“Many on the committee do see a strengthened case for cutting rates," Fed Chair Jerome H. Powell said Wednesday. “News about trade has been an important driver of sentiment in the inter-meaning period. We’re also looking at global growth.

Tuesday, June 18, 2019

McConnell v. a Half-Century of GOP History on Puerto Rican Statehood

In Defying the Odds, we discuss state and congressional politics as well as the presidential race  The update 
-- recently published --includes a chapter on the 2018 midterms.

Baily Vogt at The Washington Times:
Senate Majority Leader Mitch McConnell said he is happy to be the “grim reaper when it comes to the Democrat’s socialist agenda,” including blocking measures that would grant Washington, D.C. and Puerto Rico statehood.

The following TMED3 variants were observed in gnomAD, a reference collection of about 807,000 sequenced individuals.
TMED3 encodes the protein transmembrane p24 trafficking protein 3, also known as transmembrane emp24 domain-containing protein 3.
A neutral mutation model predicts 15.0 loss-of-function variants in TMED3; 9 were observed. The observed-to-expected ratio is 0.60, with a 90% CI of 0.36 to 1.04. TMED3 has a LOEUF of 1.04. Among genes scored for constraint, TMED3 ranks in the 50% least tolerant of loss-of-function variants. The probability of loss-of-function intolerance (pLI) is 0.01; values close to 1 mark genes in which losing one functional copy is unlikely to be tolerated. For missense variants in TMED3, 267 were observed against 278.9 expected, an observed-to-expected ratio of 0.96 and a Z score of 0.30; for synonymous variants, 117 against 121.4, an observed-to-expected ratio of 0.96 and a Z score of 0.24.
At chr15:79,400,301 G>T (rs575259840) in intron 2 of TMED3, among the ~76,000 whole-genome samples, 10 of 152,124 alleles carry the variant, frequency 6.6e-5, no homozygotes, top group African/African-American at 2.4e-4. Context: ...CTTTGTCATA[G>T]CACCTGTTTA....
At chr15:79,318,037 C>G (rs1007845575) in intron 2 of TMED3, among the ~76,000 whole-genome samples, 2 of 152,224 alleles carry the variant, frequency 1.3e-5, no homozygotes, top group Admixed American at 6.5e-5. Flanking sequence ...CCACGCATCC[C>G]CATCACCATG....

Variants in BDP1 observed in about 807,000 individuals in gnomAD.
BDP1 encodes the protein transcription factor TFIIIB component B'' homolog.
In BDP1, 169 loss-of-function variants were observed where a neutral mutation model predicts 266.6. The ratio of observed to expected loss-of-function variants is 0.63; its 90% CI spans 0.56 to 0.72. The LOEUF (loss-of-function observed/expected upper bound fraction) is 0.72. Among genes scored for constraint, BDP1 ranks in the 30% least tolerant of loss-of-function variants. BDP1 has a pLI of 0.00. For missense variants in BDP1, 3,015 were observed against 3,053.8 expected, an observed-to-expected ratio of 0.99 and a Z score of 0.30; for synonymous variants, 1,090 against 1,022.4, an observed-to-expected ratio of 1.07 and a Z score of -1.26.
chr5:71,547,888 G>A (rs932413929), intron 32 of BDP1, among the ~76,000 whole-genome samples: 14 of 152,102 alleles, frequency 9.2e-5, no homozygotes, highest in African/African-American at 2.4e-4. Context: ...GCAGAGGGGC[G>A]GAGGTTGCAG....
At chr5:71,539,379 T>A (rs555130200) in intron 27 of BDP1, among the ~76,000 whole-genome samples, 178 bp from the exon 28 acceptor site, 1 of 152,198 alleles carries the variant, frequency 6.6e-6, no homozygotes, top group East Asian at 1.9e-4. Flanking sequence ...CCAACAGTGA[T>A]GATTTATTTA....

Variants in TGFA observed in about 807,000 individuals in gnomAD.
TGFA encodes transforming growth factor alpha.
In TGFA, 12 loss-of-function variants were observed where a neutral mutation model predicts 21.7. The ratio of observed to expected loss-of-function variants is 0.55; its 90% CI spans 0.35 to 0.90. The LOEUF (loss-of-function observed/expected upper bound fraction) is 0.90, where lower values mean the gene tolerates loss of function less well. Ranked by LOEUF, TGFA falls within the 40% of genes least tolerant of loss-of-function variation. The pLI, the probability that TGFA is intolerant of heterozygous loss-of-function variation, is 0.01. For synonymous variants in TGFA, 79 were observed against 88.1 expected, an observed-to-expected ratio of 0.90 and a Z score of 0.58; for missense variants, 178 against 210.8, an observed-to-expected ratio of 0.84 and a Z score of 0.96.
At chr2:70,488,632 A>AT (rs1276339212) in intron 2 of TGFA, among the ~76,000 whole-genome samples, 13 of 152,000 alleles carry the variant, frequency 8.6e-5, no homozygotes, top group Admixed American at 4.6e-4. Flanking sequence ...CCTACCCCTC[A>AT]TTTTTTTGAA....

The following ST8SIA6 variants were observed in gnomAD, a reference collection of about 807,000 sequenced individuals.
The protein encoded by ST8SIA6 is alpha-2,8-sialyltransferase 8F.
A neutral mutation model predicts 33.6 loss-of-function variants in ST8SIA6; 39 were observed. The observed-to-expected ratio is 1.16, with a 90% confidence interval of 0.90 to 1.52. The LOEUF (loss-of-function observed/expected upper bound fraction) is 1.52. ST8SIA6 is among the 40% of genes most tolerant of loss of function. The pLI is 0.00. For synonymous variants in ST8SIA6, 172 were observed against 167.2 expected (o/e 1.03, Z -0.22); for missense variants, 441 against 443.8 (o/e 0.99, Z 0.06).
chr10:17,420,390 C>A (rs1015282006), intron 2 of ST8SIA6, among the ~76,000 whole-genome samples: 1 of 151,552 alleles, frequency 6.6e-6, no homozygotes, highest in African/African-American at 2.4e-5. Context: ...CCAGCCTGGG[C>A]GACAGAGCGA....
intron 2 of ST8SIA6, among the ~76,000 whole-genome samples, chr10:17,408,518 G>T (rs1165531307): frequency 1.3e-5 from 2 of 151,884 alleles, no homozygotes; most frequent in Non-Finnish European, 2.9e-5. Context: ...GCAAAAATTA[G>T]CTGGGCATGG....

“They plan to make the District of Columbia a state — that’d give them two new Democratic senators — Puerto Rico a state, that would give them two more new Democratic senators. And as a former Supreme Court clerk yourself, you’ve surely noticed that they plan to expand the Supreme Court,” the Kentucky Republican said on Fox News Channel’s “The Ingraham Angle,” addressing growing calls from 2020 Democrats to add additional members to the high court. 
“This is full bore socialism on the march in the House. And yeah, as long as I’m the majority leader of the Senate, none of that stuff is going anywhere,” he said.
As far as Puerto Rico is concerned, he is blocking his own party's position and accusing it of "full bore socialism."  The GOP has officially supported Puerto Rican statehood in every platform in the past half-century.